Steven High (right) and his son Sebastien upon receiving their first copy of his newly published book “One Job Town”. Prof. High will be signing copies at the book launch in Sturgeon Falls, June 9, at the library auditorium.
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by Isabel Mosseler
Sturgeon Falls was a mill town for more than 100 years, until it wasn’t. The mill became history in 2002, and now a book has been published examining that history. Based on extensive archival research in Canada, the US, and Great Britain, including documents shared from people’s basements, as well as 55 oral history interviews, Steven High’s book, One Job Town, will be launched on Saturday, June 9th, at the Sturgeon Falls Library Auditorium.
High, a professor at Concordia University in Montreal, will be on hand to discuss the book and sign copies, and hopes to see some of the many people he interviewed during his research.
What was it in the history of the mill in Sturgeon Falls that sparked his interest? “I’m from Thunder Bay. I come from a working class family; my father was a railway switchman. I came to oral history early on when I was hired by my hometown museum as an undergraduate student… to interview old people. It was a fantastic summer and I fell in love with oral history as a method. Sometimes we think history is somewhere out there, but in fact it’s in our families and our communities,” he says.
High was hired by Nipissing University in 2002 as a history professor; his doctoral thesis concerned the post industrialization of the Ontario heartlands. A couple of months into his hiring, it was announced that the mill in Sturgeon Falls was closing, and High had several students in his class from Sturgeon Falls who urged him to follow through. “These young people from Sturgeon Falls said ‘You’ve got to do something, it’s only 25 minutes down the road!’ I went from being a bystander to starting to interview.” Over the next two years, a cross section of the mill community was interviewed: mill workers, office staff, superintendents, two former plant managers, as well as town council members, officials and economic development officers.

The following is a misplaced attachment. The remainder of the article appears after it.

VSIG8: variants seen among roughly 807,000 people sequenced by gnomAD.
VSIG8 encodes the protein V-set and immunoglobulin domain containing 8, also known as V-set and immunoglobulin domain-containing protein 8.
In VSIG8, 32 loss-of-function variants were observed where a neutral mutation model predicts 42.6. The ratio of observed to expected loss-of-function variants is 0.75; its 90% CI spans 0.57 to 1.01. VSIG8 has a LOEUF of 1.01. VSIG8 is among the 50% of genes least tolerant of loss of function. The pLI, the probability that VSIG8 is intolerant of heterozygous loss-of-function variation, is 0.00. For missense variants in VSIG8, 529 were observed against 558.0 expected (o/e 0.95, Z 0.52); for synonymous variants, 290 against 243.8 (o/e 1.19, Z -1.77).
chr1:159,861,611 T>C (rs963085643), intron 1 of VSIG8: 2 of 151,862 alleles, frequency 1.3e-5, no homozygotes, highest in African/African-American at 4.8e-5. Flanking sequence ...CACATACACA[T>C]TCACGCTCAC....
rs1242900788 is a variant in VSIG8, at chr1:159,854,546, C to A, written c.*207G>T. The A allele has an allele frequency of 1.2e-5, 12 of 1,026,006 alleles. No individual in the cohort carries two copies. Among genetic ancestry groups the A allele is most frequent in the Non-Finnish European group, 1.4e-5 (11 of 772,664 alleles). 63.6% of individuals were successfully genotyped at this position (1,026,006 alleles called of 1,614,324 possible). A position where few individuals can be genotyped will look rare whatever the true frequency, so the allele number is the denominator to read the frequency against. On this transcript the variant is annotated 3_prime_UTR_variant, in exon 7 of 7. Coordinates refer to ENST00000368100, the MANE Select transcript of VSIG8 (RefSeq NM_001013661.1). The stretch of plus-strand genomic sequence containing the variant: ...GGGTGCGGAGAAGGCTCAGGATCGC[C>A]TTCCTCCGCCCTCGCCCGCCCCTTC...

“We tried to get a sense of what was going on and people had lots of stuff in their basements… We got into the plant as they were dismantling it,” recounts High, who was on site with photographer David Lewis. They found piles of records being shredded. “I’m not sure how much was shredded and how much was transferred to Vancouver or Washington State… Lots of records were also Abitibi and MacMillan Bloedel, but people also had things in their basements, a pile here, a box there. There’re stories like the time the mill manager was asked if they could donate the mill newsletters to the Sturgeon House Museum and the mill manager said no, it was company property. Someone overheard this, backed up to the loading dock with a truck, and those records are now historical contraband.”
High mentions boxes of materials from the 50’s and 60‘s found in garages, with records of contracts with local farmers for wood. “It shows the relationship between the mill and surrounding landowners.”
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